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See Inside Scientific American Volume 306, Issue 3

One Scientist's Journey to the Ocean Floor

A marine biologist describes her upcoming mission to some of the deepest hydrothermal vents in the ocean



Courtesy of Advanced Imaging and Visualization Laboratory, Woods Hole Oceanographic Institution

Name: Jill McDermott
Title: Ph.D. candidate, Woods Hole Oceanographic Institution
Location: Woods Hole, Mass.

Where will you be sailing?
We’ll sail onboard the research vessel Atlantis to the Mid-Cayman Spreading Center, which harbors the world’s deepest chain of volcanoes. It’s south of the Cay­man Islands and west of Jamaica and Cuba. We first visited the site two years ago with a submarine called Nereus, and we found evidence of three new hydro­thermal vents. On this cruise, we want to send our remotely operated underwater vehicle [ROV] Jason down to do a sam­­p­ling mission at one of those vents and at another one discovered in 2010 by a team led by the U.K.’s National Oceanography Center, Southampton.

Tell me more about the area you’ll be exploring.
The Mid-Cayman Spreading Center is a really exciting place to work, partly because of the diversity of the environ­ment there. It’s an ultraslow-spreading ridge, which means it has a low level of volcanic activity and a lot of tectonic activity. There are many different types of rocks, from volcanic basalt to peri­do­tite, a rock that’s more like the mantle and gets pulled up from deeper within the earth. The rock composition around a vent is a big driver of that vent’s chem­istry, and what I hope to understand is the chemistry of these two systems and how the pressure and rocks can cause the chemistry to change.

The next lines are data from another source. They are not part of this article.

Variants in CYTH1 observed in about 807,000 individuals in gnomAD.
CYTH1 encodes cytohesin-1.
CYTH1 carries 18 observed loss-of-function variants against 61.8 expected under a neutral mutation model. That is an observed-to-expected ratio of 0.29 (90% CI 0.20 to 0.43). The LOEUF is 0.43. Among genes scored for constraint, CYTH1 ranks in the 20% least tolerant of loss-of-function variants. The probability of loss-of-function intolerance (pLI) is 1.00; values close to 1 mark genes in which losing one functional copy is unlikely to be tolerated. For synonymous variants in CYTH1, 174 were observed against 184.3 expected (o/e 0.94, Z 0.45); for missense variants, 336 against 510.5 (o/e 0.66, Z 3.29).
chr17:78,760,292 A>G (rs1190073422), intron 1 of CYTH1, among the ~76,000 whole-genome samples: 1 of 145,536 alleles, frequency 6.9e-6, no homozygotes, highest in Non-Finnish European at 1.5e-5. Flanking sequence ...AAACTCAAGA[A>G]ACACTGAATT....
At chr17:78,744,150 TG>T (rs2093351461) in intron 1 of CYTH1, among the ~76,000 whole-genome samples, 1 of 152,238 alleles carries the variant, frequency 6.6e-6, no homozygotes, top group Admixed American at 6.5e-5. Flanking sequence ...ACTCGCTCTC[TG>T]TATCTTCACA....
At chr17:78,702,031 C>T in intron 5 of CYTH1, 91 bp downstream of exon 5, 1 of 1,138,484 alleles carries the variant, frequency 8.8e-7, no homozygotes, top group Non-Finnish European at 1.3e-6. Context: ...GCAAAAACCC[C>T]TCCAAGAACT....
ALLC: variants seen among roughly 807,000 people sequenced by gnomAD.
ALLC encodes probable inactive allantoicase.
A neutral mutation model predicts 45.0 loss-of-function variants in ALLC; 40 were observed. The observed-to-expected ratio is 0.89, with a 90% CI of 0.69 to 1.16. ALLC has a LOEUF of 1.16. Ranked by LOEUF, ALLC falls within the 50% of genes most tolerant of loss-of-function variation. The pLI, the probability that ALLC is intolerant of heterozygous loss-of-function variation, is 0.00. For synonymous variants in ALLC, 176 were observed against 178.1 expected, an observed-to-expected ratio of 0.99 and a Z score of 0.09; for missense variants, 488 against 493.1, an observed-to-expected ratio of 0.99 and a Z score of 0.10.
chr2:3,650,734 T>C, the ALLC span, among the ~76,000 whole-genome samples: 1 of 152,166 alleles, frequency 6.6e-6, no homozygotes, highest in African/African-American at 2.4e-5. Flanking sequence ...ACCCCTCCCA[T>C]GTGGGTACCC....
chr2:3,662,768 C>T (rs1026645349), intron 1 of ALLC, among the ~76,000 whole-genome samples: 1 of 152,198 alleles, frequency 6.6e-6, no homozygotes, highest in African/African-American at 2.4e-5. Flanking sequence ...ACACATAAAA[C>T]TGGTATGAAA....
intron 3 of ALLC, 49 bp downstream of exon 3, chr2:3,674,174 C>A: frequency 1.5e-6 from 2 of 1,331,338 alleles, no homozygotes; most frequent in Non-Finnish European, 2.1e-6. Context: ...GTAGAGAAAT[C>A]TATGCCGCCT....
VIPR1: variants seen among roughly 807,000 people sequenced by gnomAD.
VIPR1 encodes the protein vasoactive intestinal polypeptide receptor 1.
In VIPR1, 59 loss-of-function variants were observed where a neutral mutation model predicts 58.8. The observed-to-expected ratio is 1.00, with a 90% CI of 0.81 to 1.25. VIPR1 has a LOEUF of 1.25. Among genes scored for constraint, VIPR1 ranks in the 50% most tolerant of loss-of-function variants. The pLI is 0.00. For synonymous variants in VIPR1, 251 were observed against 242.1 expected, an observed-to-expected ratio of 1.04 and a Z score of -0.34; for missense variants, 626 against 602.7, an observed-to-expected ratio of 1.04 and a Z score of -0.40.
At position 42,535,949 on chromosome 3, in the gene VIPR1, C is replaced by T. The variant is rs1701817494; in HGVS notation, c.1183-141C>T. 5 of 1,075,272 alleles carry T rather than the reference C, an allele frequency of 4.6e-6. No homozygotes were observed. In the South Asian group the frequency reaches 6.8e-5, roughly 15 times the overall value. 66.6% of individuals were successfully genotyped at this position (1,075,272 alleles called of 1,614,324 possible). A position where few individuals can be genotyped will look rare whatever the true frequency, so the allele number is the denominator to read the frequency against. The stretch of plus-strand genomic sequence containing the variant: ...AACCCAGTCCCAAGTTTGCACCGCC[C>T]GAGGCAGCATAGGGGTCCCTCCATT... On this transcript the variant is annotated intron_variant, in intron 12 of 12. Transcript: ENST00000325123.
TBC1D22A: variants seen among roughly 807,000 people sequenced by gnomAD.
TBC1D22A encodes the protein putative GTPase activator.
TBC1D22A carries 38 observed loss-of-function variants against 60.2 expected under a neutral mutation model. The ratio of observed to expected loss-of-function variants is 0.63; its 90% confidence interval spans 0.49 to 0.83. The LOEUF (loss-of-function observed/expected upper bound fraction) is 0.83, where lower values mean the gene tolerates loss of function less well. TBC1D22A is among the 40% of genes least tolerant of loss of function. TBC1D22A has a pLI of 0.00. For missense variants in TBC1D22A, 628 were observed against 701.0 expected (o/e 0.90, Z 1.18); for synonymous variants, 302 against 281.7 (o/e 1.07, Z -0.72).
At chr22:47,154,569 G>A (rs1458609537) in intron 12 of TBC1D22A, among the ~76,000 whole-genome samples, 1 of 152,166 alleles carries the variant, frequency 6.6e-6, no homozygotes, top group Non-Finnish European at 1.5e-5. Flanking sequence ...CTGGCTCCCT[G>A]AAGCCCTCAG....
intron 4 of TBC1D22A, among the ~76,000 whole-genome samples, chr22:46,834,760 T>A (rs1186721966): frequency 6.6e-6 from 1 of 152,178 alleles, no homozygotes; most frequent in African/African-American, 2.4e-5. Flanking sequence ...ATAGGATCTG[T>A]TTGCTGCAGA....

How do you find a hydrothermal vent?
We use a sensor that looks for the reducing potential of the water—how much oxygen is present. A deep-sea hydrothermal vent emits water that contains very low levels of oxygen. That low-oxygen water comes up from the vent, and as it drifts along we can detect the plume.

Once you find a vent, what do you need to do to sample it?
We’re sending Jason on the sampling mission with four titanium bottles that will hold water samples; other people are sending bioboxes and things to put sulfide structures in. Jason is a workhorse. It’s a really powerful sub­marine. It can stay down for more than 24 hours and has strong manip­ulator arms.

What else are you hoping to find?
Our studies seek to extend the known limits of life on earth. One of our goals is to understand whether or not organic molecules can be synthesized abiotically [without living organisms] in deep-sea hydrothermal vents, which carries im­plications for the origin and suste­nance of life on the early earth and will inform future missions searching for life on other planetary bodies.

This article was published in print as "Probing the Depths."

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